My preferred choice of making money is affiliate marketing. This is a monetization method where you get a commission for making a sale. With little traffic you can make big bucks. For example, you can join the Amazon Associates program and start recommending relevant products to your niches. Amazon gives you a special product link you use for blog when it gets approved. When someone clicks that link and buys a product, you get a commission. The cool thing about Amazon is you also get a commission for whatever ELSE they buy within a 24 hour time period. The kind of crappy thing about Amazon is the commissions are low, generally 4 – 10% depending on your category of product.
If you are in a niche with a lot of products the best thing you can do to make money is write product reviews. The format is simple…
You fire up WordPress post and simply title it [product name] + [Review]
Write up a good review of the product. Good copywriting and format is out of the scope of this but suffice to say you will pick it up quickly. Look at how the big dogs in your space write their reviews and take notes. Once your review is written, simply sprinkle in your affiliate link in the places it makes sense, usually in the beginning and once at the end. This is highly targeted traffic. People looking for reviews are on the tail end of their search, meaning they know what they want they just need YOU to give them a little push forward.
Amazon is not the only affiliate network with products to promote. You can also promote digital products from sites like clickbank.com. Digital products are nice because you can make up to 80% commissions. Other networks I use are cj.com, shareasale.com, and a few others I can't remember right now. These networks are aggregators for vendors. Through these networks you can basically find any relevant product imaginable.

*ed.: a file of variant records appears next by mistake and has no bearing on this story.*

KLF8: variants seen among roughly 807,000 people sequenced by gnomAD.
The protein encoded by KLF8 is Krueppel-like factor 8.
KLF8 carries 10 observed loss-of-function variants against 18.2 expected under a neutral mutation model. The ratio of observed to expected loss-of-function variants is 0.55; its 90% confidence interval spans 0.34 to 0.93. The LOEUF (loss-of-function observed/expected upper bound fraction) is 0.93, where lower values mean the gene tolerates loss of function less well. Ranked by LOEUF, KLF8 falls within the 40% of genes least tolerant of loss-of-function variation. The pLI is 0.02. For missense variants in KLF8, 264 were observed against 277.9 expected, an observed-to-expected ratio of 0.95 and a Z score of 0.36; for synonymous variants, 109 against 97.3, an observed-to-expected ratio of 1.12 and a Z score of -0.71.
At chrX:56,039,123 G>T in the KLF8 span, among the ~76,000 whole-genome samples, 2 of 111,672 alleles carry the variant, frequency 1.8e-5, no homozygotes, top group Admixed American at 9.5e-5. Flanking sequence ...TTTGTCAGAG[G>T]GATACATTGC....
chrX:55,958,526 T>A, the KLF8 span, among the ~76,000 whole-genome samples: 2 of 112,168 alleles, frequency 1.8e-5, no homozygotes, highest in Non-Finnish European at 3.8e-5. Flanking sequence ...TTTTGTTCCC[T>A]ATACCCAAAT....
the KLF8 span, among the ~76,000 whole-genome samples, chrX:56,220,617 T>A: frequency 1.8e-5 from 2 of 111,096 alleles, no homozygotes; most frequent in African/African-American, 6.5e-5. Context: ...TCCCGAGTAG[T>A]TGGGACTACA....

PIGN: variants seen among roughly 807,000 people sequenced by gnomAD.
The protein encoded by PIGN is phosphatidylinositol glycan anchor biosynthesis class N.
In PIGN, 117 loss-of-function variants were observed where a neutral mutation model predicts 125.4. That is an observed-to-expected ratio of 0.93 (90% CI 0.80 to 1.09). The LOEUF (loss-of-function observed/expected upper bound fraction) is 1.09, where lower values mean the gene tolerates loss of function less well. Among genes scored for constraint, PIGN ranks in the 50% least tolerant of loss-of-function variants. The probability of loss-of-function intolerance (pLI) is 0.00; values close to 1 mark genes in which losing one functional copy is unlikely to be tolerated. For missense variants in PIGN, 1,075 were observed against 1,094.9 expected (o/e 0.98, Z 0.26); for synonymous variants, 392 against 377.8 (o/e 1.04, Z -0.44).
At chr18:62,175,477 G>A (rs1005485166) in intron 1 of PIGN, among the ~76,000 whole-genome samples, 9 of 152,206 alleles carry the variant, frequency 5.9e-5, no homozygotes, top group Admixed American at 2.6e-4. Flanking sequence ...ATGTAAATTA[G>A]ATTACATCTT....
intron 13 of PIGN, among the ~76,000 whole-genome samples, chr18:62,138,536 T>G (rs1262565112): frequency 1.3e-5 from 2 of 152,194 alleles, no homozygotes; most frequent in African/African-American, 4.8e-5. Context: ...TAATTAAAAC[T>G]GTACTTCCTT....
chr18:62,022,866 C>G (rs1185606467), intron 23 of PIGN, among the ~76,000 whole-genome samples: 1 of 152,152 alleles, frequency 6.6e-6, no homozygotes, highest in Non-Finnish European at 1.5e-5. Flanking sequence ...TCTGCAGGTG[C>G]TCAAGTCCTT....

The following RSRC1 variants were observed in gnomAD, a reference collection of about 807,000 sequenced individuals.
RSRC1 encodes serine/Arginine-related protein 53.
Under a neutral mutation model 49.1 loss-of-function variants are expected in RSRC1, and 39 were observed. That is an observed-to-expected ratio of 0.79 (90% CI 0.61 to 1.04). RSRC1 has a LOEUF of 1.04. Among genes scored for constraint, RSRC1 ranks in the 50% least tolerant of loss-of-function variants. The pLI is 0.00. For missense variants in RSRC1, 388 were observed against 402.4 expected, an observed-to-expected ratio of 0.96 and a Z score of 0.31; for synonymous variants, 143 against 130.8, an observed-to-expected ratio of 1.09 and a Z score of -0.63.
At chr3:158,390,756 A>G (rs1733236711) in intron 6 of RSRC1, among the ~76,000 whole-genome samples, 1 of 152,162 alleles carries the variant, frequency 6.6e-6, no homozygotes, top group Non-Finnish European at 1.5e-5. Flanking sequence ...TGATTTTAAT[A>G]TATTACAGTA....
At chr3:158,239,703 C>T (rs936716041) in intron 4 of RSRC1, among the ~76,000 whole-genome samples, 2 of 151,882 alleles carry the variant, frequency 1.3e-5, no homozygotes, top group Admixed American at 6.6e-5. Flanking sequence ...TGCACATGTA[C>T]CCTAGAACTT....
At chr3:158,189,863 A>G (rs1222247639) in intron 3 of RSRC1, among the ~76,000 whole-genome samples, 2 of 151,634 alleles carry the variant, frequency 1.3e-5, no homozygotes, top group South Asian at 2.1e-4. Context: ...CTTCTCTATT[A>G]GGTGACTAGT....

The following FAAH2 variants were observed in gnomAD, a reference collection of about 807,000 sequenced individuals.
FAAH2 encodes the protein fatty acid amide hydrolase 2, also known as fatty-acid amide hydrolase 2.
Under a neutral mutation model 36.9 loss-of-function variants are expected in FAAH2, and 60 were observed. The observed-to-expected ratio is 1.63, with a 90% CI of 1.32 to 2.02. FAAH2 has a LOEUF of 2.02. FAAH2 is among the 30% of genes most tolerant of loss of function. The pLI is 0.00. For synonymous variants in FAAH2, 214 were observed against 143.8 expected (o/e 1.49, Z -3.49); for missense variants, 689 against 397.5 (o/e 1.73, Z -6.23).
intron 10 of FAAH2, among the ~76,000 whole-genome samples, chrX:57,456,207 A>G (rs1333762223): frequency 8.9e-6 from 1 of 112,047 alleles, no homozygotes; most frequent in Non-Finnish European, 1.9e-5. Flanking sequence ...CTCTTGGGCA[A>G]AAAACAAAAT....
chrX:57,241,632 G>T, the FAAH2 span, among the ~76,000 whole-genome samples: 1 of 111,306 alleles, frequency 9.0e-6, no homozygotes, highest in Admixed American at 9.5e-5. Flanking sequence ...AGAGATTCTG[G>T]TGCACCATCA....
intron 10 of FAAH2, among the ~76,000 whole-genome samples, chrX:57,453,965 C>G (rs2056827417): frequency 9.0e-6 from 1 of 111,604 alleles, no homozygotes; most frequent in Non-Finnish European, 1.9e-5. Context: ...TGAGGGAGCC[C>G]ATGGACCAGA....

And the thing is, you'll find most small vendors have their own in house affiliate program you can join too. A classic trick is scrolling down to the bottom of their website and looking for the affiliates link. Once you join you'll get a special tracking link that tracks your clicks and sales.
The trick to making affiliate sales is getting targeted traffic to your website and then recommending relevant products that make sense to the user. If someone lands on your site for the search term "vegan recipes" and you start recommending slim jims, well don't expect to get too many conversions. But, if at the end if the recipes you say "and if you like that recipe here's an ebook with 1001 more of them!" Now you're starting to think like a blogger making money.
*Add your site to Google Webmasters. This will show you what search terms you're ranking for and alert you to any potential problems with Google crawling your content.